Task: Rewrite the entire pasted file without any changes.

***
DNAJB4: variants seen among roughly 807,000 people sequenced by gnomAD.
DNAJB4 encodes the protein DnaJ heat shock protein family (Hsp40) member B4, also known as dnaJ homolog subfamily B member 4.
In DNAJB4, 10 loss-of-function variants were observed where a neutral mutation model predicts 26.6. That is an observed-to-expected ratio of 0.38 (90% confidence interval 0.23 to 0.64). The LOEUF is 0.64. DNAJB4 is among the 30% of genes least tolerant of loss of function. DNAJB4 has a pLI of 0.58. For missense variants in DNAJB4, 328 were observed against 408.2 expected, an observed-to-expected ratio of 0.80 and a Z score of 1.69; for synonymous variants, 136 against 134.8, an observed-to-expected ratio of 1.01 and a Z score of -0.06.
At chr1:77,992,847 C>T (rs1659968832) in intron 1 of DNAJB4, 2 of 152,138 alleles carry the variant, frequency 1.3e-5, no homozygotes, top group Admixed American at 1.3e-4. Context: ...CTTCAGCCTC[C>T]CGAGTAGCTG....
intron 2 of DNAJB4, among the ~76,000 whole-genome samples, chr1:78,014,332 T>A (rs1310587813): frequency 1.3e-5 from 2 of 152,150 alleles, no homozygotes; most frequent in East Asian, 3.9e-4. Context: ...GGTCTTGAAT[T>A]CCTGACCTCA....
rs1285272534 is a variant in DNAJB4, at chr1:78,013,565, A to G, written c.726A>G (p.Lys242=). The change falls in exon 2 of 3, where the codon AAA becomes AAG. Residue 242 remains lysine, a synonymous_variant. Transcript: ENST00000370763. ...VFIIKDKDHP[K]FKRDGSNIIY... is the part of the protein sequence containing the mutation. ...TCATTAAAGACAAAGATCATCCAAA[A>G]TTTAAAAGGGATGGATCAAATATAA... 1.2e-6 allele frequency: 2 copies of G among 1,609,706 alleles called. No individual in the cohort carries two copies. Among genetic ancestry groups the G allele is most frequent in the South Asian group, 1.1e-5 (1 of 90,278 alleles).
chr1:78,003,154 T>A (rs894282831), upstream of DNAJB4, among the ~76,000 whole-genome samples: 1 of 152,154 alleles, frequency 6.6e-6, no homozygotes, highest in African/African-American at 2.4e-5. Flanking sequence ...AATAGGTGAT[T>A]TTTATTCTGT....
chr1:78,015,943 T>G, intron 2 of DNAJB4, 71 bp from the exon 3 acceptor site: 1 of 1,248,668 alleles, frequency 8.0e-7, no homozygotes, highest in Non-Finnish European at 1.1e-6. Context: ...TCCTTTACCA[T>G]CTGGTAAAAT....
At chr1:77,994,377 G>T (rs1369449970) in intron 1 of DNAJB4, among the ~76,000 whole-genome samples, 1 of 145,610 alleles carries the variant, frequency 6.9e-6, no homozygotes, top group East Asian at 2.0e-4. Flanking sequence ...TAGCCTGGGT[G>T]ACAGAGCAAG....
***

DNAJB4: variants seen among roughly 807,000 people sequenced by gnomAD.
DNAJB4 encodes the protein DnaJ heat shock protein family (Hsp40) member B4, also known as dnaJ homolog subfamily B member 4.
In DNAJB4, 10 loss-of-function variants were observed where a neutral mutation model predicts 26.6. That is an observed-to-expected ratio of 0.38 (90% confidence interval 0.23 to 0.64). The LOEUF is 0.64. DNAJB4 is among the 30% of genes least tolerant of loss of function. DNAJB4 has a pLI of 0.58. For missense variants in DNAJB4, 328 were observed against 408.2 expected, an observed-to-expected ratio of 0.80 and a Z score of 1.69; for synonymous variants, 136 against 134.8, an observed-to-expected ratio of 1.01 and a Z score of -0.06.
At chr1:77,992,847 C>T (rs1659968832) in intron 1 of DNAJB4, 2 of 152,138 alleles carry the variant, frequency 1.3e-5, no homozygotes, top group Admixed American at 1.3e-4. Context: ...CTTCAGCCTC[C>T]CGAGTAGCTG....
intron 2 of DNAJB4, among the ~76,000 whole-genome samples, chr1:78,014,332 T>A (rs1310587813): frequency 1.3e-5 from 2 of 152,150 alleles, no homozygotes; most frequent in East Asian, 3.9e-4. Context: ...GGTCTTGAAT[T>A]CCTGACCTCA....
rs1285272534 is a variant in DNAJB4, at chr1:78,013,565, A to G, written c.726A>G (p.Lys242=). The change falls in exon 2 of 3, where the codon AAA becomes AAG. Residue 242 remains lysine, a synonymous_variant. Transcript: ENST00000370763. ...VFIIKDKDHP[K]FKRDGSNIIY... is the part of the protein sequence containing the mutation. ...TCATTAAAGACAAAGATCATCCAAA[A>G]TTTAAAAGGGATGGATCAAATATAA... 1.2e-6 allele frequency: 2 copies of G among 1,609,706 alleles called. No individual in the cohort carries two copies. Among genetic ancestry groups the G allele is most frequent in the South Asian group, 1.1e-5 (1 of 90,278 alleles).
chr1:78,003,154 T>A (rs894282831), upstream of DNAJB4, among the ~76,000 whole-genome samples: 1 of 152,154 alleles, frequency 6.6e-6, no homozygotes, highest in African/African-American at 2.4e-5. Flanking sequence ...AATAGGTGAT[T>A]TTTATTCTGT....
chr1:78,015,943 T>G, intron 2 of DNAJB4, 71 bp from the exon 3 acceptor site: 1 of 1,248,668 alleles, frequency 8.0e-7, no homozygotes, highest in Non-Finnish European at 1.1e-6. Context: ...TCCTTTACCA[T>G]CTGGTAAAAT....
At chr1:77,994,377 G>T (rs1369449970) in intron 1 of DNAJB4, among the ~76,000 whole-genome samples, 1 of 145,610 alleles carries the variant, frequency 6.9e-6, no homozygotes, top group East Asian at 2.0e-4. Flanking sequence ...TAGCCTGGGT[G>T]ACAGAGCAAG....